Editor's Note: This guest post was written by Anna Bulzomi, a human rights lawyer currently working with IPIS Research where she handles issues of business & human rights and natural resources. Anna is also a Governance Committee member of the Public-Private Alliance on Responsible Minerals Trade.
On March 5, 2014, the European Commission released its long-awaited responsible trading strategy for minerals from conflict zones. The strategy is composed of a draft Regulation setting up an E.U. system of self-certification for importers of tin, tantalum, tungsten, and gold (3TG) and a Joint Communication presenting the overall comprehensive foreign policy approach on how to sever the link between conflict and the trade of minerals.The Regulation will now be examined by the E.U. Parliament and the Council, who will need to agree on a final text.
Unsurprisingly, the issue of conflict minerals is a pressing one at the E.U. level, with the Union being one of the largest markets for 3TG and currently accounting for 25% of the global trade in 3Ts and 15% in gold.
The Regulation – basically a draft law – would establish a system that is fundamentally different from the approach taken by the U.S. Dodd-Frank Act and Securities and Exchange Commission (SEC) rule.
First, the E.U. Regulation would only cover importers of 3TG (and their ores) into the Union – roughly 400 companies.Dodd-Frank, on the other hand, applies to downstream entities that manufacture or contract to manufacture products containing these metals and that are listed with the SEC – roughly 6,000 companies of different sizes and active across different industry sectors.
Secondly, while Dodd-Frank identifies a set of ‘covered countries’ in the African Great Lakes region, the E.U. Regulation would have a broad geographical scope, targeting the supply chains of 3TG originating from any conflict-affected or high-risk area.
Finally, but perhaps most importantly, the E.U. Regulation would not require strict legal compliance. Fearing that a mandatory due diligence scheme would cause companies’ disengagement from conflict-affected and high-risk areas, the E.U. executive came up with a ‘voluntary system for supply chain due diligence self-assessment’.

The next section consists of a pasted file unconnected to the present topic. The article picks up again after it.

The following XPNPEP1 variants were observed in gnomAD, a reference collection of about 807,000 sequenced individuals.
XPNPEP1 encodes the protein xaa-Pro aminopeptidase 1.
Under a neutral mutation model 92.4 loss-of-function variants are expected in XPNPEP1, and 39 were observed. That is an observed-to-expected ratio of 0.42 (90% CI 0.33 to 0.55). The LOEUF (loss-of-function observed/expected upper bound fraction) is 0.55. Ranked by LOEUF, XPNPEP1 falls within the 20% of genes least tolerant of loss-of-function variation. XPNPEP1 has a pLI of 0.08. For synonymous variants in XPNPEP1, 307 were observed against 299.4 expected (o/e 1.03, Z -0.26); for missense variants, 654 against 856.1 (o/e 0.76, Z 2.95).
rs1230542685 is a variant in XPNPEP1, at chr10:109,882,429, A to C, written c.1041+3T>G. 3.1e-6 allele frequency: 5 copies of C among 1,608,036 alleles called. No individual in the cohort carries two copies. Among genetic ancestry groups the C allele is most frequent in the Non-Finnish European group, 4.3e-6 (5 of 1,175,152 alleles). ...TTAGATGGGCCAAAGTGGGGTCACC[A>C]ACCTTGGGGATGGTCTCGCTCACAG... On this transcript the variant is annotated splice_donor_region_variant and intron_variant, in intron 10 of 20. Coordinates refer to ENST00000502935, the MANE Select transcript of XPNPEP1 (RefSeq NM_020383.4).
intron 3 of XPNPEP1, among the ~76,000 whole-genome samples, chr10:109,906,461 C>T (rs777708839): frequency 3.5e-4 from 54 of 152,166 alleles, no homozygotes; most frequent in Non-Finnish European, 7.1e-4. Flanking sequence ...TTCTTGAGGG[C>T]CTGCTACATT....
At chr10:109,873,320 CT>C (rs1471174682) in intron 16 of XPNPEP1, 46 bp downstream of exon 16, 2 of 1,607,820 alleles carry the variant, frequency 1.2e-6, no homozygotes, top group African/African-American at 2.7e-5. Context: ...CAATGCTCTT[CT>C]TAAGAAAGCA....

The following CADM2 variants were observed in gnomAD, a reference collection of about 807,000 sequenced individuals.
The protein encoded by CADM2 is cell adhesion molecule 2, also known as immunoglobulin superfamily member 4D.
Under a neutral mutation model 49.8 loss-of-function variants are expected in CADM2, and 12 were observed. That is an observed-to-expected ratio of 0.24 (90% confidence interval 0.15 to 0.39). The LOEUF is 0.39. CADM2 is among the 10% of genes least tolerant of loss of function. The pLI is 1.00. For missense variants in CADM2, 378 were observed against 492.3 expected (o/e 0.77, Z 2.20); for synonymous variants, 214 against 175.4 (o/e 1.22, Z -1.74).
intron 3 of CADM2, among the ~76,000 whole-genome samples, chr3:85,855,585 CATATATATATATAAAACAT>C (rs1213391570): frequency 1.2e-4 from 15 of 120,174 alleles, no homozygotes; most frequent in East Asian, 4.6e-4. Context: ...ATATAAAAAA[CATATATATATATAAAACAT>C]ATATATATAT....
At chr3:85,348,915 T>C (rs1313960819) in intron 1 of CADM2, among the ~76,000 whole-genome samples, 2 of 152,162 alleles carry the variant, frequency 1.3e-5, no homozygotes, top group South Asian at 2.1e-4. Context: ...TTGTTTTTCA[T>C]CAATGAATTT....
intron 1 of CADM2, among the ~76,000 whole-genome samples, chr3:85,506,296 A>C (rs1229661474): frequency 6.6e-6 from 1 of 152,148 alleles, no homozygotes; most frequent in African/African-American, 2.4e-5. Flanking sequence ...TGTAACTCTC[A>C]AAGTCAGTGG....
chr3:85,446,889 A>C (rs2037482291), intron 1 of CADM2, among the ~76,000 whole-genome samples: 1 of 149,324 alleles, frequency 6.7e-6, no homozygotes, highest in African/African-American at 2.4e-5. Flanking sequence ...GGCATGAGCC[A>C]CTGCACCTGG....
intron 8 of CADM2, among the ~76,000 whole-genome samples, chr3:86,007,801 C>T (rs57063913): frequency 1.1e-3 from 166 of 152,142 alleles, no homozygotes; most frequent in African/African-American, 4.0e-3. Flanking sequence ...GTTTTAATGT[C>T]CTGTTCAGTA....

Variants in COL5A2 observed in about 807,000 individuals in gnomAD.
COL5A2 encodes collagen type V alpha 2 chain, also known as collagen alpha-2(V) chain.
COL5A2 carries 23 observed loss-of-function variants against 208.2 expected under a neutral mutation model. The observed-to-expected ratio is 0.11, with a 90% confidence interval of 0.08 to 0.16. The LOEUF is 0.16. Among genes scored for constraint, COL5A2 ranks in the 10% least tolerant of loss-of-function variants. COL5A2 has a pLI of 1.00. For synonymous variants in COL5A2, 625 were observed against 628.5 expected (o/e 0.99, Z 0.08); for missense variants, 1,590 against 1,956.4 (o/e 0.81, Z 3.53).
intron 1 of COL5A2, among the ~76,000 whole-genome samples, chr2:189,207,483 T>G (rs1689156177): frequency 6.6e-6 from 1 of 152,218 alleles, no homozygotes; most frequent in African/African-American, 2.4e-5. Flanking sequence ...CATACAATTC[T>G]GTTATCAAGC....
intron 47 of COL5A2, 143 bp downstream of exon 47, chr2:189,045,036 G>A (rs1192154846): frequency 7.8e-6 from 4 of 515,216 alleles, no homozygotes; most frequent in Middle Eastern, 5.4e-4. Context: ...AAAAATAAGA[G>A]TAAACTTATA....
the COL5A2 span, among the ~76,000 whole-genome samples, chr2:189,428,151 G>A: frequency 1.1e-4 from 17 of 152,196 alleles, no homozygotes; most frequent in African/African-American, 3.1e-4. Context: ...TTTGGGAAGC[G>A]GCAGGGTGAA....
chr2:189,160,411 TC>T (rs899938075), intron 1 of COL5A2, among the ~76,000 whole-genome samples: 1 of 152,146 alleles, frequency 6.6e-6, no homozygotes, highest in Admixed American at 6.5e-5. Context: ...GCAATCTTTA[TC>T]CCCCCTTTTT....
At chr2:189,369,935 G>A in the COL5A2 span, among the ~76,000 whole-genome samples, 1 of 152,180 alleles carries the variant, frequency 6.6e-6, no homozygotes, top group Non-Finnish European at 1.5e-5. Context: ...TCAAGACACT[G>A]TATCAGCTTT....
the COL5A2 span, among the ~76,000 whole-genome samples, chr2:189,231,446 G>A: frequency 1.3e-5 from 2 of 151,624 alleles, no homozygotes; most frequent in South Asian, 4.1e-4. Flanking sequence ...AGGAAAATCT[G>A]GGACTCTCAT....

Basically, this would be a system where importers can freely choose to opt in and source their minerals in accordance with the 5-step due diligence framework set out by the OECD Due Diligence Guidance for Responsible Supply Chains of Minerals from Conflict-Affected and High-Risk Areas. Or, they can choose to go ahead with ‘business as usual’ and not invest time and resources into compliance efforts. Critics from E.U. campaign groups said that the voluntary nature of the initiative fails to create a real demand for conflict-free minerals in the E.U.
Business & human rights experts, namely the architect of the U.N. Guiding Principles (UNGPs), John Ruggie, also expressed concern with regards to the non-binding character of the due diligence exercise envisaged by the E.U.
The E.U. has embraced the UNGPs through its 2011 Communication, where the expectation that all E.U. enterprises meet the corporate responsibility to respect human rights is clearly articulated. Furthermore, the E.U. already adopted legislation on mandatory supply chain due diligence to ensure that illegally harvested timber does not reach the E.U. market.
Against this background, a voluntary system for due diligence in the supply chains of 3TG seems to be lowering the bar that the E.U. itself tried to set in other areas of responsible business conduct.
A detailed analysis of the E.U. draft law and its assessment against business & human rights standards is available here: http://ipisresearch.be/publications_detail.php?id=443